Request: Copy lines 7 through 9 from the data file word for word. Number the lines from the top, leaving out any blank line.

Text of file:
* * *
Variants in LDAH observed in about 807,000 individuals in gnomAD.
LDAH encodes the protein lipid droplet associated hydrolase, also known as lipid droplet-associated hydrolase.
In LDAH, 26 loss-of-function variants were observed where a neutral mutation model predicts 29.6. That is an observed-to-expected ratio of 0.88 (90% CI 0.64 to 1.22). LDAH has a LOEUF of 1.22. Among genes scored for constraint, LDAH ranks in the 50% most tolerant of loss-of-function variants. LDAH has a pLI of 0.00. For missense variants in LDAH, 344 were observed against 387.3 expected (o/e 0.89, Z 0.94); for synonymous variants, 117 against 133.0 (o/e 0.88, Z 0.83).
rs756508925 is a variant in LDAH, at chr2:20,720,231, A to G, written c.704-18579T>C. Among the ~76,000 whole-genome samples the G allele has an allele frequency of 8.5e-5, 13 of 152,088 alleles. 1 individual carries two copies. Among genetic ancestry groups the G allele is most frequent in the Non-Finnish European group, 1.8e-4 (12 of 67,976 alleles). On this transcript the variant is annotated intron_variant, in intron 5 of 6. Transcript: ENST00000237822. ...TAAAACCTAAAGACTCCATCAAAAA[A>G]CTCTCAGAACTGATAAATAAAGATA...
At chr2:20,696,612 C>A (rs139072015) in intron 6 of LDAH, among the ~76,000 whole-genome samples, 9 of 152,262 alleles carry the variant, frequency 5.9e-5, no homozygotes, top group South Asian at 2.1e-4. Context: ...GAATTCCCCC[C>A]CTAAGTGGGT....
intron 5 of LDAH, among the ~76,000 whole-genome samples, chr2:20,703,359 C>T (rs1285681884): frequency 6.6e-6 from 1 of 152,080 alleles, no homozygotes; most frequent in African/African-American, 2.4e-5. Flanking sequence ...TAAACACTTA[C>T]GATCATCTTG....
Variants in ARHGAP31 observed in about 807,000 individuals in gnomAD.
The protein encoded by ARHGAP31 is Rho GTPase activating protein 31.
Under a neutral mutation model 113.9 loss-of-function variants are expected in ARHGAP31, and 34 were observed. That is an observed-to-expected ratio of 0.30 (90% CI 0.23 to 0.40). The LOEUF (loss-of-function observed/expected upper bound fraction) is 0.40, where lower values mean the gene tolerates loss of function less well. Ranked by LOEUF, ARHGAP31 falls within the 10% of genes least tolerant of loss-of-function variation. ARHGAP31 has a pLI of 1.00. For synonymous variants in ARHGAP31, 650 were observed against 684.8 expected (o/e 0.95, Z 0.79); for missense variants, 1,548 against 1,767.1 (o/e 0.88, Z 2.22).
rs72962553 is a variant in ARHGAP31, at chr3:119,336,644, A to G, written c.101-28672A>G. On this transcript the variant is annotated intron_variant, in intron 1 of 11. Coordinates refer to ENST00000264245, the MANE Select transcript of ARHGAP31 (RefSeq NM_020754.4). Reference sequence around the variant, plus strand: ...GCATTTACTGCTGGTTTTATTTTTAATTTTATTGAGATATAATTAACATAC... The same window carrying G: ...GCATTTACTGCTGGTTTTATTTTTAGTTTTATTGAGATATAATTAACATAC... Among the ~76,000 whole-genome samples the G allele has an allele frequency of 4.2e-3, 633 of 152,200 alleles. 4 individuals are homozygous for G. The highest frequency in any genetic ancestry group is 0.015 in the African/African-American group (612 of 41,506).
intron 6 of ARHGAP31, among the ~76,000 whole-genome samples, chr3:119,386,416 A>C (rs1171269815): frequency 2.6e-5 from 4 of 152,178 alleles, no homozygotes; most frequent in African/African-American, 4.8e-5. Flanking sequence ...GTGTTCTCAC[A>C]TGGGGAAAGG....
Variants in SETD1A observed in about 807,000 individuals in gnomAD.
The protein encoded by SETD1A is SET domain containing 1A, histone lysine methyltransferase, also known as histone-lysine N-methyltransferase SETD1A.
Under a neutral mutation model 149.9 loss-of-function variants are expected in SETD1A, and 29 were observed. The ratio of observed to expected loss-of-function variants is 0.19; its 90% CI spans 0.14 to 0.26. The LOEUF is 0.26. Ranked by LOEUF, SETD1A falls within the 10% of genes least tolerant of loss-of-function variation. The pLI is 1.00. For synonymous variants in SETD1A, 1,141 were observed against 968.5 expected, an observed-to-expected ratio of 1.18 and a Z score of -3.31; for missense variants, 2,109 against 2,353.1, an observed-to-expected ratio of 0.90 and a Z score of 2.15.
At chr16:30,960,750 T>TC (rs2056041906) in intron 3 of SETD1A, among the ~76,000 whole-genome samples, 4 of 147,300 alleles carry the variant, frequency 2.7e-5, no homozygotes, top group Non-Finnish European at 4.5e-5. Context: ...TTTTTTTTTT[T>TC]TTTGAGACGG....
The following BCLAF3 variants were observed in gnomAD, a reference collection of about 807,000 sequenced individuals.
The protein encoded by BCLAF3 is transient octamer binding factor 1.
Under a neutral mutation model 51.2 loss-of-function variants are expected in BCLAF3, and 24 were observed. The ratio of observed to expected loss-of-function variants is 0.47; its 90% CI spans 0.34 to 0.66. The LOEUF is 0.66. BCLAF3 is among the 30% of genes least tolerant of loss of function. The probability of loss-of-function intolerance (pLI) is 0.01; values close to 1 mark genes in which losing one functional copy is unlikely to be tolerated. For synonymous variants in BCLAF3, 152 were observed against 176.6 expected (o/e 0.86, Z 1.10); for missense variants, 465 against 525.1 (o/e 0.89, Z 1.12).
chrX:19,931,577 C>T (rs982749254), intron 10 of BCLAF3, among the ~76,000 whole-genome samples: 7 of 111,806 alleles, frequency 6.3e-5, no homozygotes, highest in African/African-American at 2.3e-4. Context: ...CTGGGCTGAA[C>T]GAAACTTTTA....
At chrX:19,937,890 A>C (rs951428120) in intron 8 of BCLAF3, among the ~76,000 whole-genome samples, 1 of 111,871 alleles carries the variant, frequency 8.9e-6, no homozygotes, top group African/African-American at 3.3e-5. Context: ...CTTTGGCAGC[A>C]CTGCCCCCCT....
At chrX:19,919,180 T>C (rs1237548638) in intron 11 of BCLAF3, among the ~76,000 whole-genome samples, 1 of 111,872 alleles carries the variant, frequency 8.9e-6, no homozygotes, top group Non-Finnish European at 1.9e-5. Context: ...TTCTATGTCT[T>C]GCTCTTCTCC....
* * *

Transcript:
Variants in ARHGAP31 observed in about 807,000 individuals in gnomAD.
The protein encoded by ARHGAP31 is Rho GTPase activating protein 31.
Under a neutral mutation model 113.9 loss-of-function variants are expected in ARHGAP31, and 34 were observed. That is an observed-to-expected ratio of 0.30 (90% CI 0.23 to 0.40). The LOEUF (loss-of-function observed/expected upper bound fraction) is 0.40, where lower values mean the gene tolerates loss of function less well. Ranked by LOEUF, ARHGAP31 falls within the 10% of genes least tolerant of loss-of-function variation. ARHGAP31 has a pLI of 1.00. For synonymous variants in ARHGAP31, 650 were observed against 684.8 expected (o/e 0.95, Z 0.79); for missense variants, 1,548 against 1,767.1 (o/e 0.88, Z 2.22).